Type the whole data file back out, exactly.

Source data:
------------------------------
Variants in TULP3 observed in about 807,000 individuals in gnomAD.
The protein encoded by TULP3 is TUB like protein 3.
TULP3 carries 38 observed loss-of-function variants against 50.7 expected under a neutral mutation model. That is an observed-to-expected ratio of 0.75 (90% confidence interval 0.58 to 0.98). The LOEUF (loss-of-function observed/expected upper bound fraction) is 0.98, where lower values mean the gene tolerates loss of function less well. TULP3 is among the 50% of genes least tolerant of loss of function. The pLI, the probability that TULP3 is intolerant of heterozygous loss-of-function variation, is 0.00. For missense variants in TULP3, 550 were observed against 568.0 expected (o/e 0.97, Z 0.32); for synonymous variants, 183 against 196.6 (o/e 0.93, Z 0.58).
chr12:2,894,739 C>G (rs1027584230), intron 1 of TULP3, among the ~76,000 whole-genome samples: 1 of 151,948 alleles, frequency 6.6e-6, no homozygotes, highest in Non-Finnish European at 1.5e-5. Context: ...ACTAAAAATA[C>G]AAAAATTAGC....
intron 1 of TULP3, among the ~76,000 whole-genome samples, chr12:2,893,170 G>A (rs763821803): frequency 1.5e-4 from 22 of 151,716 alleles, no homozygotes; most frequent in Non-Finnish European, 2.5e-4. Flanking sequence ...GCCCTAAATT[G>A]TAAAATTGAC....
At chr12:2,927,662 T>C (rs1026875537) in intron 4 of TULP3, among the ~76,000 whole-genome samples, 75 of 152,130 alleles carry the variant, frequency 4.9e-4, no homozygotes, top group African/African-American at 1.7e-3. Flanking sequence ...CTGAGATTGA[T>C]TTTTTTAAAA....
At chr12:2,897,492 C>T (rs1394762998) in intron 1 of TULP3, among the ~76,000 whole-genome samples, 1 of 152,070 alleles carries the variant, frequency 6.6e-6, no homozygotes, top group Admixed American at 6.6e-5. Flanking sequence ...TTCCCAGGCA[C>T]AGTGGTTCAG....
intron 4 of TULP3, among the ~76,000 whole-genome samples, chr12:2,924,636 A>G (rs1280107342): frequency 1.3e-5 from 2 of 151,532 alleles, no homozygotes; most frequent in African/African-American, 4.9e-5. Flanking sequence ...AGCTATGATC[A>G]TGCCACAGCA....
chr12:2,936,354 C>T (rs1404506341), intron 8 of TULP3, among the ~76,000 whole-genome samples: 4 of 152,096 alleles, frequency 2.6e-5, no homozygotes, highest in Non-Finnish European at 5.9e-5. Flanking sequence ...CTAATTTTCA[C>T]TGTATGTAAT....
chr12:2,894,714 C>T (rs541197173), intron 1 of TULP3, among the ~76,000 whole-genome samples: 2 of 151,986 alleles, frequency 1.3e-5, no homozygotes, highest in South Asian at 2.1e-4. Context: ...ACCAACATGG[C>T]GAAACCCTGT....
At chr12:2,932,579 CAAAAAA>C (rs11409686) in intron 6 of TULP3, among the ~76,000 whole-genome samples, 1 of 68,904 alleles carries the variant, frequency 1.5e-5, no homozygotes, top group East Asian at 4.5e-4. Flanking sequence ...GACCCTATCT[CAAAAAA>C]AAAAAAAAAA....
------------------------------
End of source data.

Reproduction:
Variants in TULP3 observed in about 807,000 individuals in gnomAD.
The protein encoded by TULP3 is TUB like protein 3.
TULP3 carries 38 observed loss-of-function variants against 50.7 expected under a neutral mutation model. That is an observed-to-expected ratio of 0.75 (90% confidence interval 0.58 to 0.98). The LOEUF (loss-of-function observed/expected upper bound fraction) is 0.98, where lower values mean the gene tolerates loss of function less well. TULP3 is among the 50% of genes least tolerant of loss of function. The pLI, the probability that TULP3 is intolerant of heterozygous loss-of-function variation, is 0.00. For missense variants in TULP3, 550 were observed against 568.0 expected (o/e 0.97, Z 0.32); for synonymous variants, 183 against 196.6 (o/e 0.93, Z 0.58).
chr12:2,894,739 C>G (rs1027584230), intron 1 of TULP3, among the ~76,000 whole-genome samples: 1 of 151,948 alleles, frequency 6.6e-6, no homozygotes, highest in Non-Finnish European at 1.5e-5. Context: ...ACTAAAAATA[C>G]AAAAATTAGC....
intron 1 of TULP3, among the ~76,000 whole-genome samples, chr12:2,893,170 G>A (rs763821803): frequency 1.5e-4 from 22 of 151,716 alleles, no homozygotes; most frequent in Non-Finnish European, 2.5e-4. Flanking sequence ...GCCCTAAATT[G>A]TAAAATTGAC....
At chr12:2,927,662 T>C (rs1026875537) in intron 4 of TULP3, among the ~76,000 whole-genome samples, 75 of 152,130 alleles carry the variant, frequency 4.9e-4, no homozygotes, top group African/African-American at 1.7e-3. Flanking sequence ...CTGAGATTGA[T>C]TTTTTTAAAA....
At chr12:2,897,492 C>T (rs1394762998) in intron 1 of TULP3, among the ~76,000 whole-genome samples, 1 of 152,070 alleles carries the variant, frequency 6.6e-6, no homozygotes, top group Admixed American at 6.6e-5. Flanking sequence ...TTCCCAGGCA[C>T]AGTGGTTCAG....
intron 4 of TULP3, among the ~76,000 whole-genome samples, chr12:2,924,636 A>G (rs1280107342): frequency 1.3e-5 from 2 of 151,532 alleles, no homozygotes; most frequent in African/African-American, 4.9e-5. Flanking sequence ...AGCTATGATC[A>G]TGCCACAGCA....
chr12:2,936,354 C>T (rs1404506341), intron 8 of TULP3, among the ~76,000 whole-genome samples: 4 of 152,096 alleles, frequency 2.6e-5, no homozygotes, highest in Non-Finnish European at 5.9e-5. Flanking sequence ...CTAATTTTCA[C>T]TGTATGTAAT....
chr12:2,894,714 C>T (rs541197173), intron 1 of TULP3, among the ~76,000 whole-genome samples: 2 of 151,986 alleles, frequency 1.3e-5, no homozygotes, highest in South Asian at 2.1e-4. Context: ...ACCAACATGG[C>T]GAAACCCTGT....
At chr12:2,932,579 CAAAAAA>C (rs11409686) in intron 6 of TULP3, among the ~76,000 whole-genome samples, 1 of 68,904 alleles carries the variant, frequency 1.5e-5, no homozygotes, top group East Asian at 4.5e-4. Flanking sequence ...GACCCTATCT[CAAAAAA>C]AAAAAAAAAA....